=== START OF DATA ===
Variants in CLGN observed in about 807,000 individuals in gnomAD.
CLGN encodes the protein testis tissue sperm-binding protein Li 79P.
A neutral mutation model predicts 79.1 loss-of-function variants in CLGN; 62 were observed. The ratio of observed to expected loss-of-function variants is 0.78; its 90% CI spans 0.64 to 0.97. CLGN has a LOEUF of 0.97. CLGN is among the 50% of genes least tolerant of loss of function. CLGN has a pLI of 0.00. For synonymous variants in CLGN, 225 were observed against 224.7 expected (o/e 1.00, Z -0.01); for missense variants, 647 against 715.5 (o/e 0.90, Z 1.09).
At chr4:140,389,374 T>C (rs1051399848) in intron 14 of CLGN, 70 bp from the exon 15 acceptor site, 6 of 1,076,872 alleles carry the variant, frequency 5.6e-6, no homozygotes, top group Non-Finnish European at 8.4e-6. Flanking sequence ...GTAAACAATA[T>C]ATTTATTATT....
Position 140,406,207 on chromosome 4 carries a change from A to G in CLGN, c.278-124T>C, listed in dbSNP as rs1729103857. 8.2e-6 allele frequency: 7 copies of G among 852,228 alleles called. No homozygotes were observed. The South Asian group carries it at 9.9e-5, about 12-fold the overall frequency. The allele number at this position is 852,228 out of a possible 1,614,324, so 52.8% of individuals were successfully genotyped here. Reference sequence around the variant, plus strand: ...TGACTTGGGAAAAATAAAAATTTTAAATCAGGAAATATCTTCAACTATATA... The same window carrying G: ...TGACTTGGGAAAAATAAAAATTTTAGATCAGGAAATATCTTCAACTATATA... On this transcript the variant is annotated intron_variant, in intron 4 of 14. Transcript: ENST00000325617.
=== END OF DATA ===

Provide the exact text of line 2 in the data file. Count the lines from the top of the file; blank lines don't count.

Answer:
CLGN encodes the protein testis tissue sperm-binding protein Li 79P.